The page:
In the above, we use the term indistinguishable in a different manner than what is traditionally done in computer security; we mean indistinguishable to a human user of the software used to communicate and display the associated information. While this makes the argument difficult to prove in a formal way, we can still make the argument that the claim holds, using assumptions on what humans can distinguish. Thus, we see that Experiment 1 (normal use, but spoofed) is indistinguishable from Experiment 3 (obfuscated link and spoofed) for any user who does not scrutinize the URLs. This is analogous to how -- in the eyes of the same user -- an actual message from rOnl (which is simulated in Experiment 1) cannot be distinguished from a phishing email with a malicious link (simulated by Experiment 3). However, and as noted, we have that messages of both Experiments 1 and 3 suffer the risk of not being delivered to their intended recipients due to spam filtering. This is not affecting the comparison between Experiment 1 (resp. 3) and real use (resp. phishing attack).

More in detail, the following argument holds:

  1. A real and valid message from rOnl cannot be distinguished from a delivered attack message, unless the recipient scrutinizes the path or the URL (which typical users do not know how to do.)
  2. A delivered attack message cannot be distinguished from an experiment 3 message, under the assumption that a nave recipient will not scrutinize path or URLs, and that a suspicious recipient will not accept an obfuscated link with a different probability than he will accept a malicious (and possibly also obfuscated) link.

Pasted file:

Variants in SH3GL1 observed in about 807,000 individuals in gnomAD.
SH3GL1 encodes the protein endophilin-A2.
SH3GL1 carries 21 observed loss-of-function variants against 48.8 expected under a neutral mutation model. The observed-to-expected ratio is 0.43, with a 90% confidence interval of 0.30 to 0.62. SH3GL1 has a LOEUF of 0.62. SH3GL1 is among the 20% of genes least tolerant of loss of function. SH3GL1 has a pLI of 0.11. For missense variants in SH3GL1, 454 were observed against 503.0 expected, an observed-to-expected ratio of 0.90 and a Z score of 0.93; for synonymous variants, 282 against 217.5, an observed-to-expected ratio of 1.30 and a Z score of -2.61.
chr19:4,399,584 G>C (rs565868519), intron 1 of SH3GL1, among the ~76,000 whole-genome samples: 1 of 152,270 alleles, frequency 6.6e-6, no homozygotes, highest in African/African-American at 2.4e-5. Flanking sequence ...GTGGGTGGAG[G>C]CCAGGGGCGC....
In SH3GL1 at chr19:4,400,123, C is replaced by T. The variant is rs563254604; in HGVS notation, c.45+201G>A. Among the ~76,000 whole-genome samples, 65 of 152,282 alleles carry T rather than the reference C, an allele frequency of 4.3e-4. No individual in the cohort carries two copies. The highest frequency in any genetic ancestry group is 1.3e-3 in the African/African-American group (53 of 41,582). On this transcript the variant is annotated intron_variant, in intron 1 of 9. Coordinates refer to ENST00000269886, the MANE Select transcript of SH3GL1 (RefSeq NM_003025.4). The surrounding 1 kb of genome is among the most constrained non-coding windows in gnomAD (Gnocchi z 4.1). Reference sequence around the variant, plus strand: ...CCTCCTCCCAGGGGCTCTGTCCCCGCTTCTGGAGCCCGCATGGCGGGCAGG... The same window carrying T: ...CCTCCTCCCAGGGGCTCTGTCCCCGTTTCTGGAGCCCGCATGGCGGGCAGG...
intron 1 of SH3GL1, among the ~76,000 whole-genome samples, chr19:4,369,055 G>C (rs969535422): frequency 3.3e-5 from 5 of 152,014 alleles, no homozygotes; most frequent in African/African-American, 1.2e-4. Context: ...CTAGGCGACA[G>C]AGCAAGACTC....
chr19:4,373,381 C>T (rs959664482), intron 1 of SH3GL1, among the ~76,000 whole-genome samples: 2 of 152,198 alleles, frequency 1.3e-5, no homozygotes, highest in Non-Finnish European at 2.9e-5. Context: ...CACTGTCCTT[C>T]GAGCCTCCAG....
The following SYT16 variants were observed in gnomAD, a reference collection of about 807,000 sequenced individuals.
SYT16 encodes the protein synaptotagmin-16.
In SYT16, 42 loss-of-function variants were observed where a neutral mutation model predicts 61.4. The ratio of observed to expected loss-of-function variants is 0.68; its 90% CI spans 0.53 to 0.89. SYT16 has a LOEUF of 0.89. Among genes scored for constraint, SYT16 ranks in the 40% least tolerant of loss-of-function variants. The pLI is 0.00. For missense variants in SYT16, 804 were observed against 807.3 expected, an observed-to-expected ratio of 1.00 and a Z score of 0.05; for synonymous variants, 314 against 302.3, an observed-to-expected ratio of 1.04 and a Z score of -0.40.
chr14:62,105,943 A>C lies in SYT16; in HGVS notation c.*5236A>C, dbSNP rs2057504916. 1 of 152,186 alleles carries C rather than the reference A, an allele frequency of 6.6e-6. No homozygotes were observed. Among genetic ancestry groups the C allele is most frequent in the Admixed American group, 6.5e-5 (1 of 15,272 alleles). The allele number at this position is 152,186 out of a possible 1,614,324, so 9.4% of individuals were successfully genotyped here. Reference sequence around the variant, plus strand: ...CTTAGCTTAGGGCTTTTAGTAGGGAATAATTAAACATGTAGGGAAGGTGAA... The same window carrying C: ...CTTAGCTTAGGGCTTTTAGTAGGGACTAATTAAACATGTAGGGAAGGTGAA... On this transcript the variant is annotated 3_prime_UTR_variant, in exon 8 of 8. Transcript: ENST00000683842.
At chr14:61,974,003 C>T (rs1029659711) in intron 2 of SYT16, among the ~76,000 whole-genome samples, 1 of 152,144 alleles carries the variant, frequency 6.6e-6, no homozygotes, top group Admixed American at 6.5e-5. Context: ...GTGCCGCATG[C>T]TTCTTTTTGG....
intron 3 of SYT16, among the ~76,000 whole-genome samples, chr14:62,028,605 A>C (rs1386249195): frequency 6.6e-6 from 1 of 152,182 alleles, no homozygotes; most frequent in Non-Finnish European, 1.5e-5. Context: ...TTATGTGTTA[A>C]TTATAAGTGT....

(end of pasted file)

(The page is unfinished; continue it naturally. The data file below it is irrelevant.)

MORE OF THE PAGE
Similarly, we have that a phishing attack message that has only partial context (e.g., does not include the recipient's rOnl user name, as is done in real communication from rOnl) cannot be distinguished from an experiment message with a similar degradation of context (as modeled by Experiment 4).

5 Methodology

1 Identity Linkage

The first step in performing our experiments was establishing a link between rOnl users' account names and their real email addresses. To gather this information, we sent 93 rOnl users a message through the rOnl interface. We selected the users by performing searches for the keywords `baby clothes' and `ipod' and gathering unique usernames from the auctions that were given in response.4

We chose not to anonymize ourselves, thus allowing these users to reply using their email client if they chose. A previous experiment by Jakobsson [4] had suggested that approximately 50% of users so contacted would reply from their email client rather than through rOnl, thus revealing their email address. In our experiment, 44 of the 93 users ($47 \%$) did so, and we recorded their email addresses and usernames.

We also performed Google searches with several queries limited to, which is where rOnl stores its auction listings. We designed these queries to find pages likely to include email addresses.5